- At least three tennis balls.
- Two dozen rawhide sticks (though, to be fair, those are meant to be eaten).
- Countless pieces of paper, generally retrieved from trash cans.
- The plastic cap covering a screw on my desk chair—impressive, considering that she managed to remove it first.
- A box containing a toner cartridge, although thankfully the toner cartridge itself escaped unharmed.
- Two gel pens—while lying on a very expensive oriental rug that we’ve yet to get completely clean.
- The lower third of the molding on one side of a doorframe.
I know a bored dog is a destructive dog. But Gracie can’t possibly be bored—not with all of the toys she has lying around the house. No, her destructive tendencies come from somewhere else entirely: a need for attention. If we’re on the phone, cooking dinner, taking a nap, Gracie is bound, set, and determined to do something that will distract us—even if it’s something she’s going to get in trouble for. Her mastery of the “I’m-sorry-don’t-be-mad” face is remarkable.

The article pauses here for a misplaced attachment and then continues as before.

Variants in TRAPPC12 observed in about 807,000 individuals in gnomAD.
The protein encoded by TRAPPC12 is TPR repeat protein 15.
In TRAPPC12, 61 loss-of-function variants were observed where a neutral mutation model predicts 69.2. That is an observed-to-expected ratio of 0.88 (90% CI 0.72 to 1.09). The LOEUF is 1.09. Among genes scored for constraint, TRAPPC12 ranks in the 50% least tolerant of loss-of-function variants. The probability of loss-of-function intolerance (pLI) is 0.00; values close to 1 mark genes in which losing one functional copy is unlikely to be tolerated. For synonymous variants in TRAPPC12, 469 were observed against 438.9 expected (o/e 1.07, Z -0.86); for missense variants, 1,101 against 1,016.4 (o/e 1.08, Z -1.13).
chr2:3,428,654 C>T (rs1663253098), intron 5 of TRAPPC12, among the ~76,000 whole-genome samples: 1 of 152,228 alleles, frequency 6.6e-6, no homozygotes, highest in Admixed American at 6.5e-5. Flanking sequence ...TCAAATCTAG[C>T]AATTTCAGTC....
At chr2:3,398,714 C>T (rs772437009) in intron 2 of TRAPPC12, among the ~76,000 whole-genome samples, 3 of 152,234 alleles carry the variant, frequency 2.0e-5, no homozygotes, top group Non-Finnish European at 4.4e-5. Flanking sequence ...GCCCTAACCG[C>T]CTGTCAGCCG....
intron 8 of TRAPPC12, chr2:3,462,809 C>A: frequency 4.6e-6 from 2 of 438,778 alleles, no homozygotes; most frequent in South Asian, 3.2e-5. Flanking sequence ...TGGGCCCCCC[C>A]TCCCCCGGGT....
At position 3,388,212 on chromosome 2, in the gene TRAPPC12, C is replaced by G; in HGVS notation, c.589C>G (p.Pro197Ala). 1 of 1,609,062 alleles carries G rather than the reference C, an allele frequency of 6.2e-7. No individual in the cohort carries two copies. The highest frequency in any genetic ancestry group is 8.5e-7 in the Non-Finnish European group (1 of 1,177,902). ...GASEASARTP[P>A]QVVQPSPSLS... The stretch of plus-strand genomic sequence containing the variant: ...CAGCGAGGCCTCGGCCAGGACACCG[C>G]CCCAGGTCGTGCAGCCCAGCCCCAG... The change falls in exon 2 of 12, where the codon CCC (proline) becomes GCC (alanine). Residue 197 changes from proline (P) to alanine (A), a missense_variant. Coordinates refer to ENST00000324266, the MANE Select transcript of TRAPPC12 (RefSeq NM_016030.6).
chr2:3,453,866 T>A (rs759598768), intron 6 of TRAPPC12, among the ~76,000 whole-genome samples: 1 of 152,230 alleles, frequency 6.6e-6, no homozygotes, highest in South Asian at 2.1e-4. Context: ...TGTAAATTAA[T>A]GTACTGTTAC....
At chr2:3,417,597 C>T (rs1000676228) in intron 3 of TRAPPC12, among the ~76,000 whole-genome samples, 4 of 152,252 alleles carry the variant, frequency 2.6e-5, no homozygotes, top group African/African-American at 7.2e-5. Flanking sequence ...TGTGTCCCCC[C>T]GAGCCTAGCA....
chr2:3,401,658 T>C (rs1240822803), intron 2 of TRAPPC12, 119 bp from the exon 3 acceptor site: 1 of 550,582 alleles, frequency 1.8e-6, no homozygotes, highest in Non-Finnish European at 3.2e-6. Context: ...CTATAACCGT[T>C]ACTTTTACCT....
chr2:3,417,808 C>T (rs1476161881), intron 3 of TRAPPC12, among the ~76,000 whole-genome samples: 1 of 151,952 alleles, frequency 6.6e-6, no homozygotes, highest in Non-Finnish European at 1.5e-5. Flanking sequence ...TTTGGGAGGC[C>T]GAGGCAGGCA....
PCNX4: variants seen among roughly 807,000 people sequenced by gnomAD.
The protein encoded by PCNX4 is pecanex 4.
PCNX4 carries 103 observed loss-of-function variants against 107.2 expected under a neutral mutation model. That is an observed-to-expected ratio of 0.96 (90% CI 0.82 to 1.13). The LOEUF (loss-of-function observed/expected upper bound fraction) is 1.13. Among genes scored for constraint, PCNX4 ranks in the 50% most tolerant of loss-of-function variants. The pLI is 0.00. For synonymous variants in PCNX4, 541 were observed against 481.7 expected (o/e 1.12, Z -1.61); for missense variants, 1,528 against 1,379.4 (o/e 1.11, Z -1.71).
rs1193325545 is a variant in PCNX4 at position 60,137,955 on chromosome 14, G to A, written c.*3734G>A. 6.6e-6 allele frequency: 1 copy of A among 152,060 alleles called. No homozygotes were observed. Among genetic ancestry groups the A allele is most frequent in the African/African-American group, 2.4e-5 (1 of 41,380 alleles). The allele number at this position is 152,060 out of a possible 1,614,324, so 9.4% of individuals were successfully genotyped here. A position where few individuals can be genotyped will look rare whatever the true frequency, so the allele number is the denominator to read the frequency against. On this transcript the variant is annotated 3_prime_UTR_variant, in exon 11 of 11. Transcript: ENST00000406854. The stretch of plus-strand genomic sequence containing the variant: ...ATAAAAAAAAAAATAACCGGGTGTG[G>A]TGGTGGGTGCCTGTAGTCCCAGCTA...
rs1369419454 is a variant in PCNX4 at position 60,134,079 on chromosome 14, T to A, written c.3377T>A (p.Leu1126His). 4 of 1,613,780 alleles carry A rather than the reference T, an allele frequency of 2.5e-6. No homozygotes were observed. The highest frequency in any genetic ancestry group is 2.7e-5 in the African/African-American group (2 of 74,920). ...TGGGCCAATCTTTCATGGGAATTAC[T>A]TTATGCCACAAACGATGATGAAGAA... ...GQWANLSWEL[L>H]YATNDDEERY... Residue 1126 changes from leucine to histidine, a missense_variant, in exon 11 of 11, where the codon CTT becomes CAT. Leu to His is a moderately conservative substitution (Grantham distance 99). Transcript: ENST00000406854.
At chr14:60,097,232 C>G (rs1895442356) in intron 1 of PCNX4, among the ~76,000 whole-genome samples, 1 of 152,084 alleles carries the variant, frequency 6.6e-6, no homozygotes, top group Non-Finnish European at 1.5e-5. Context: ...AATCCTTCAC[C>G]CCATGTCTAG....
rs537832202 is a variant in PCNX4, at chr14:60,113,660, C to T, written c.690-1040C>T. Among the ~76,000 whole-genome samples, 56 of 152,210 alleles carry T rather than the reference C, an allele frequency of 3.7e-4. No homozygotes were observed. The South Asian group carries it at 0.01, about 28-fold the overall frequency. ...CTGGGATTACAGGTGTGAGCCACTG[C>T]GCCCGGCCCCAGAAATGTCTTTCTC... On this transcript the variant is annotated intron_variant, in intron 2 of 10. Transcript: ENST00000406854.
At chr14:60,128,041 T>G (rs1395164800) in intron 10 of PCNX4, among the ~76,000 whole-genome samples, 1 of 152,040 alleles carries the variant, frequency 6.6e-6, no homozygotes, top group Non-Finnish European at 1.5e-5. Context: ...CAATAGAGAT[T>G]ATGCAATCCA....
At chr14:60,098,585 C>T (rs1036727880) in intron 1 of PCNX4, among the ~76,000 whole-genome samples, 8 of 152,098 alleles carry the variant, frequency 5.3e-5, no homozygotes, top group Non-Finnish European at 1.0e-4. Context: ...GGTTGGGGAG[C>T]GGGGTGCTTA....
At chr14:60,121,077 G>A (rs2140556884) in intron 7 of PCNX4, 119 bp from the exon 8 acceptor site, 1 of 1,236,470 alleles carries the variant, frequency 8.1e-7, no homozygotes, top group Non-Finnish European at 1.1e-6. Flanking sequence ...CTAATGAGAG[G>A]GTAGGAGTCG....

And after, when we give her a Nylabone and she curls up at our feet, grateful to have gotten our attention and to have been given still another toy, we can’t help but forgive her all her sins. Even the expensive ones that lead to carpentry and rug cleaning.